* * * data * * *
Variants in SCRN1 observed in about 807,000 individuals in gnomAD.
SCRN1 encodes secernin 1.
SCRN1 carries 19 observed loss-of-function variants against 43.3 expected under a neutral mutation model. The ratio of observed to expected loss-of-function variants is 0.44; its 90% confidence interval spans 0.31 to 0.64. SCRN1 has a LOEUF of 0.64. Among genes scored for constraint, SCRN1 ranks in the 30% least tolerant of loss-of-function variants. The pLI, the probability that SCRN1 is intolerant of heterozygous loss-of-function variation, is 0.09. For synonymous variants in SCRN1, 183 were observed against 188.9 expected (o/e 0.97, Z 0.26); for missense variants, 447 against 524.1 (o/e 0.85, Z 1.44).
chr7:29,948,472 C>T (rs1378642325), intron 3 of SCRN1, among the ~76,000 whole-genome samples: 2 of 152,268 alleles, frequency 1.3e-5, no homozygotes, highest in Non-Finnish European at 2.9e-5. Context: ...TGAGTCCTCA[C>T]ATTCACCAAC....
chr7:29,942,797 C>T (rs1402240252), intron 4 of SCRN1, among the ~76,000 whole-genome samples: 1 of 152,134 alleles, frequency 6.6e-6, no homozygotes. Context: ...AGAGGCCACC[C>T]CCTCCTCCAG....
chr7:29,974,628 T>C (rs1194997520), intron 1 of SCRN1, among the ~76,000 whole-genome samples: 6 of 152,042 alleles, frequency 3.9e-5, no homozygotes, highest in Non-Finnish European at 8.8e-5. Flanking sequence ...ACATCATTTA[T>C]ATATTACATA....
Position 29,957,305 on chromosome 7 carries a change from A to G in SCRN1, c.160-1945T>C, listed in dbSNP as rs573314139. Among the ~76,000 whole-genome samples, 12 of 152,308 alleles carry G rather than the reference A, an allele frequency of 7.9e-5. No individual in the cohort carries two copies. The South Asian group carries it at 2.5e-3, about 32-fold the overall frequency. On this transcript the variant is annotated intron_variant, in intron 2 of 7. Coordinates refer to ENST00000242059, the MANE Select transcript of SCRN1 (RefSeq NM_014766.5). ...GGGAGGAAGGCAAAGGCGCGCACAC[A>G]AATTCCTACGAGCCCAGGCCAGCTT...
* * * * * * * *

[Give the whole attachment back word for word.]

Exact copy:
Variants in SCRN1 observed in about 807,000 individuals in gnomAD.
SCRN1 encodes secernin 1.
SCRN1 carries 19 observed loss-of-function variants against 43.3 expected under a neutral mutation model. The ratio of observed to expected loss-of-function variants is 0.44; its 90% confidence interval spans 0.31 to 0.64. SCRN1 has a LOEUF of 0.64. Among genes scored for constraint, SCRN1 ranks in the 30% least tolerant of loss-of-function variants. The pLI, the probability that SCRN1 is intolerant of heterozygous loss-of-function variation, is 0.09. For synonymous variants in SCRN1, 183 were observed against 188.9 expected (o/e 0.97, Z 0.26); for missense variants, 447 against 524.1 (o/e 0.85, Z 1.44).
chr7:29,948,472 C>T (rs1378642325), intron 3 of SCRN1, among the ~76,000 whole-genome samples: 2 of 152,268 alleles, frequency 1.3e-5, no homozygotes, highest in Non-Finnish European at 2.9e-5. Context: ...TGAGTCCTCA[C>T]ATTCACCAAC....
chr7:29,942,797 C>T (rs1402240252), intron 4 of SCRN1, among the ~76,000 whole-genome samples: 1 of 152,134 alleles, frequency 6.6e-6, no homozygotes. Context: ...AGAGGCCACC[C>T]CCTCCTCCAG....
chr7:29,974,628 T>C (rs1194997520), intron 1 of SCRN1, among the ~76,000 whole-genome samples: 6 of 152,042 alleles, frequency 3.9e-5, no homozygotes, highest in Non-Finnish European at 8.8e-5. Flanking sequence ...ACATCATTTA[T>C]ATATTACATA....
Position 29,957,305 on chromosome 7 carries a change from A to G in SCRN1, c.160-1945T>C, listed in dbSNP as rs573314139. Among the ~76,000 whole-genome samples, 12 of 152,308 alleles carry G rather than the reference A, an allele frequency of 7.9e-5. No individual in the cohort carries two copies. The South Asian group carries it at 2.5e-3, about 32-fold the overall frequency. On this transcript the variant is annotated intron_variant, in intron 2 of 7. Coordinates refer to ENST00000242059, the MANE Select transcript of SCRN1 (RefSeq NM_014766.5). ...GGGAGGAAGGCAAAGGCGCGCACAC[A>G]AATTCCTACGAGCCCAGGCCAGCTT...